SEPTEMBER IDIOMS: “Wear your heart on your sleeve” on Day 254 of 365 Days of Literacy for Kids

Here on 365 Days of Literacy for Kids, your kids will be “dressed” with IDIOMS during the month of September.

IDIOMS are phrases that reveal “secrets” from the past. IDIOMS come from many sources, many languages, many authors, many cultures.  The “hidden” meanings in IDIOMS are great fun for kids, but also teach important, interesting and intriguing lessons in how language has developed and evolved over time.

Each SEPTEMBER IDIOM on 365 Days of Literacy for Kids will address something to do with clothing… such as teaching kids the meaning of the very expressive wear your heart on your sleeve idiom.

– The idiom wear your heart on your sleeve means to express your feelings, emotions or intentions openly and honestly.

Origin of wear your heart on your sleeve Idiom:  Wear your heart on your sleeve is a term used as far back as the 17th century by writers such as Shakespeare and Sir Walter Scott.  It was common for a young lady to give a young man a ribbon or favor to wear on his sleeve as a display of love.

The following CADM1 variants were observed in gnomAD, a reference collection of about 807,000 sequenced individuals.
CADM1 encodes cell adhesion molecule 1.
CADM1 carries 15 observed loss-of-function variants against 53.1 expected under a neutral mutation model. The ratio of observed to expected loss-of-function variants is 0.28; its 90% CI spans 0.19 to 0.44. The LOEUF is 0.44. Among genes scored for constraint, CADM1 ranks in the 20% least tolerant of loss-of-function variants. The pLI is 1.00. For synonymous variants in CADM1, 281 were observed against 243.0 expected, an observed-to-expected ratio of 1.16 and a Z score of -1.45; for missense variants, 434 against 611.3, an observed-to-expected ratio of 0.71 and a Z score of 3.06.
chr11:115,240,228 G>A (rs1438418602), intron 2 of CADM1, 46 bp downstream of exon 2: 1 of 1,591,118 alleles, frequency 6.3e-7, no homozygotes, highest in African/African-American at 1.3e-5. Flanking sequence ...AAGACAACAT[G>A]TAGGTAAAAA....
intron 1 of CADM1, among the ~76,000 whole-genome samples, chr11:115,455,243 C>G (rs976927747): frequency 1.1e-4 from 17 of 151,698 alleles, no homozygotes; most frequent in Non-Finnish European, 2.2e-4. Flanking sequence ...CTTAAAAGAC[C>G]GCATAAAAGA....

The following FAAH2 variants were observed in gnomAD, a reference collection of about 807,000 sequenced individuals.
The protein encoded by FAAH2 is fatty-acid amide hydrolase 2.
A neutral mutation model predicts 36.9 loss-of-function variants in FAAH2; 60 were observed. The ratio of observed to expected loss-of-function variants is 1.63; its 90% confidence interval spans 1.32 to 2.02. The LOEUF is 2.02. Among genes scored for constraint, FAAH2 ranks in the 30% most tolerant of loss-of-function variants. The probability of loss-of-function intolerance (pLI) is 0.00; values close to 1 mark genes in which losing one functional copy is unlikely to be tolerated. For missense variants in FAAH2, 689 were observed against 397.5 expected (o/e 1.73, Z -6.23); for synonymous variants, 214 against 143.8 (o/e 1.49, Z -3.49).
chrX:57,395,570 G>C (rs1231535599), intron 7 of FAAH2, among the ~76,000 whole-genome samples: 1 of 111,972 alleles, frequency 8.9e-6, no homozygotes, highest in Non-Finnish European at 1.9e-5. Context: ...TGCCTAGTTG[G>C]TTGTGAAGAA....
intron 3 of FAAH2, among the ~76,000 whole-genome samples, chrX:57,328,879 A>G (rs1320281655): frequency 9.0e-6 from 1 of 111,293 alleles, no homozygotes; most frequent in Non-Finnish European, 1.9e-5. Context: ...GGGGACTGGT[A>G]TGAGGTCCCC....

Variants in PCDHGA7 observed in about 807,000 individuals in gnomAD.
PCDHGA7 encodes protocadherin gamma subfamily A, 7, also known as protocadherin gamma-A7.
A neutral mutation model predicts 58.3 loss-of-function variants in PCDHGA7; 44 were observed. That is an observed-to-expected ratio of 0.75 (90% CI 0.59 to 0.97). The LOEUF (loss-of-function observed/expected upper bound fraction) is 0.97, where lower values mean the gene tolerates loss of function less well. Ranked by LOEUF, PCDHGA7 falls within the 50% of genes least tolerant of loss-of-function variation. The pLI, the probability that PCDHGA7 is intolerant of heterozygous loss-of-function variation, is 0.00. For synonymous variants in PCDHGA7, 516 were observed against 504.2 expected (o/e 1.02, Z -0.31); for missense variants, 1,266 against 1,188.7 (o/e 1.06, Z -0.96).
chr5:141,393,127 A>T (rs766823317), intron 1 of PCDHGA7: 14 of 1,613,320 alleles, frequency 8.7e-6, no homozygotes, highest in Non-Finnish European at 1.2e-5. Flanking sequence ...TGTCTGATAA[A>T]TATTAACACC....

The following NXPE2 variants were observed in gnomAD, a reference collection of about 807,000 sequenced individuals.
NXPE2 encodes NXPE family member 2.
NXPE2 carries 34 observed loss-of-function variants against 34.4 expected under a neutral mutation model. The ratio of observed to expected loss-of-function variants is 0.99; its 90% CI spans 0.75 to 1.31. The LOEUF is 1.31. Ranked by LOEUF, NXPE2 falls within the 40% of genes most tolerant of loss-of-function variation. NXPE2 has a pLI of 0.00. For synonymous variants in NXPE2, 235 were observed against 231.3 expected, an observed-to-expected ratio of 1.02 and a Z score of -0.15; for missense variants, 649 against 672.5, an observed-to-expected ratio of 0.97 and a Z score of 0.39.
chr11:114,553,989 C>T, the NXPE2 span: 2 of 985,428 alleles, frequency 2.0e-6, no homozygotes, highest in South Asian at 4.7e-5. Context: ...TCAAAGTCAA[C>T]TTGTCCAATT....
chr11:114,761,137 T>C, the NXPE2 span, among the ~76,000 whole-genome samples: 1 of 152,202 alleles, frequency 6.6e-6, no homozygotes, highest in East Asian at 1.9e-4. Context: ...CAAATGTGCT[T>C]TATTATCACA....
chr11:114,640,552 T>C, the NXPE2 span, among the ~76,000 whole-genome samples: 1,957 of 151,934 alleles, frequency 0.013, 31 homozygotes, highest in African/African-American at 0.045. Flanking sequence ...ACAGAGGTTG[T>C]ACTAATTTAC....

– The idiom wear your heart on your sleeve has evolved to mean any outward display of emotion… such as joy, happiness or even disappointment or sadness.  Do your kids or grandkids know anyone who simply cannot hide their emotions and wear their hearts on their sleeves?

Dress your kids for back-to-school success with knowledge and attention to wear your heart on your sleeve!

Take a few minutes each day in SEPTEMBER to teach the secrets of IDIOMS to your kids & grandkids.  Understanding IDIOMS is a wonderful way to enrich reading and language development.

And I’m not just talking through my hat!

SEPTEMBER IDIOMS: “Wear your heart on your sleeve” on Day 254 of 365 Days of Literacy for Kids was last modified: September 12th, 2011 by Sharon Couto
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SEPTEMBER IDIOMS: “Wear your heart on your sleeve” on Day 254 of 365 Days of Literacy for Kids was last modified: September 12th, 2011 by Sharon Couto